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Thai Police Deny Burmese Workers Arrested for Britons Murders are “Scapegoats”

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Burmese migrant workers and paraded them in public

 

KOH TAO – Thai authorities on the Island of Koh Tao are insisting that they did not pin the murders of two British tourists on the two Buremese as  “Scapegoats” in an effort to wrap up the controversial investigation, according to a Khoasod News Report.

This week, police arrested two Burmese migrant workers and paraded them in public as the culprits behind the gruesome murder of David Miller, 24, and Hannah Witheridge, 23, on Koh Tao island last month.

Thai police have been under immense pressure to solve the killing of the two British backpackers, with authorities worried that the grisly murder could further damage the country’s ailing tourist industry.

According to police, the Burmese workers confessed to sexually assaulting Witheridge and murdering her and Miller on 15 September. Police also insist that their confession is backed by DNA tests and CCTV footage in the area.

“Don’t say they are scapegoats,” said deputy Prime Minister and Minister of Defence Gen. Prawit Wongsuwan when a reporter asked whether he was confident that the Burmese suspects were not being framed.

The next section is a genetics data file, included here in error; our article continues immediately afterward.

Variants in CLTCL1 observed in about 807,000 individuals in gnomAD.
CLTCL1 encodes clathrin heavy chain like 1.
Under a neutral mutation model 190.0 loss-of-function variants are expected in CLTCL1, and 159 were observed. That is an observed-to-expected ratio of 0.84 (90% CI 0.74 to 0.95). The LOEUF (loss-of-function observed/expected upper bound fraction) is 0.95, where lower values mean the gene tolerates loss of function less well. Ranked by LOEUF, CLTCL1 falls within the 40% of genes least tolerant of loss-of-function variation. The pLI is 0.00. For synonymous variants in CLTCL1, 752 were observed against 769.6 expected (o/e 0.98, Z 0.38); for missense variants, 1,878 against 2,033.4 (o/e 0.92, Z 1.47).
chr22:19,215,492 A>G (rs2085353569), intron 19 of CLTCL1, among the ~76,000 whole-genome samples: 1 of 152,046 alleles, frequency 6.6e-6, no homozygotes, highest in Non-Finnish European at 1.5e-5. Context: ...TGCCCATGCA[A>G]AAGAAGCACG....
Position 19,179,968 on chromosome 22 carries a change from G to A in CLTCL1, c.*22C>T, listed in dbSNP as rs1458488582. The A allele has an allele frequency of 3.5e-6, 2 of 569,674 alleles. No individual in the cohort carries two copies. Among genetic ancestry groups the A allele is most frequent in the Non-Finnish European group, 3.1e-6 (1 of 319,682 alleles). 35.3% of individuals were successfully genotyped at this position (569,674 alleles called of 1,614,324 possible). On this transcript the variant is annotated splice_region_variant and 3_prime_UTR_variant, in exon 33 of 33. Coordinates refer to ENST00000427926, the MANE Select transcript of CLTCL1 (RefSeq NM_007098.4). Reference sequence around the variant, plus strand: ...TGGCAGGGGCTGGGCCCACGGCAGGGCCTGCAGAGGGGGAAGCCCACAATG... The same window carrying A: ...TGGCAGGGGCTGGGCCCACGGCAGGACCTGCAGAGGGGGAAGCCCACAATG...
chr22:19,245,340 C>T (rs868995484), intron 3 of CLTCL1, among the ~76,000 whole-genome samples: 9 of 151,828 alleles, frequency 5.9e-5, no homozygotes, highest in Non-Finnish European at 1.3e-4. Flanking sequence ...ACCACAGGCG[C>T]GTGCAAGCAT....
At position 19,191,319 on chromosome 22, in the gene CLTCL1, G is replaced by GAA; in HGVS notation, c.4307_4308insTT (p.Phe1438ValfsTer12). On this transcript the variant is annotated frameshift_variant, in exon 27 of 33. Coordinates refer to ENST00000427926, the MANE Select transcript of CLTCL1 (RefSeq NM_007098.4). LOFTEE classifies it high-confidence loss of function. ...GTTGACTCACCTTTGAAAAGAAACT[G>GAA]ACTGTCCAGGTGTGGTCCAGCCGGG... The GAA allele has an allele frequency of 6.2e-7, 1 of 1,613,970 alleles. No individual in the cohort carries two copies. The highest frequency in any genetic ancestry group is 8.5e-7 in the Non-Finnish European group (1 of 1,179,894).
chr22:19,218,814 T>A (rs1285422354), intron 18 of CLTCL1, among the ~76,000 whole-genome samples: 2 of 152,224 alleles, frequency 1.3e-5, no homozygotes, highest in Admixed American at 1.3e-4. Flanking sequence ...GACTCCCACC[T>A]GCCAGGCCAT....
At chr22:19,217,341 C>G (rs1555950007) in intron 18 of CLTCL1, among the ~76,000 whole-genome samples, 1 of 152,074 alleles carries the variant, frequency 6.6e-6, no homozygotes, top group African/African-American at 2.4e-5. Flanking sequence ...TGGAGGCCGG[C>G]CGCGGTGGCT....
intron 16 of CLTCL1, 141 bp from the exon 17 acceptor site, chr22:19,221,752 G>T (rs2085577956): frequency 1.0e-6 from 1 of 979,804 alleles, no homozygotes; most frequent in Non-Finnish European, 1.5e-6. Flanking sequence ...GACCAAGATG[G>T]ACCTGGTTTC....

He however admitted that the two men were not given access to lawyers during their interrogation. He said the suspects did not ask for lawyers because they decided to confess on their own.

Thai police have an extensive history of obtaining false confessions from suspects through abuse. Just last week, two Burmese men told Irrawaddy that Thai police beat them when they refused to confess to the murder.

The Phuket Gazette reported that a taxi driver on Koh Tao, off the Surat Thani coast, yesterday went public with his accusation that police investigating the murders of two British tourists had tried to intimidate him into providing false testimony.

Mainstream Thai newspapers have largely reported in line with the police narrative, referring to the suspects as “murderers” and “culprits.”

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Posted by on Oct 4 2014. Filed under Regional News. You can follow any responses to this entry through the RSS 2.0. Both comments and pings are currently closed.
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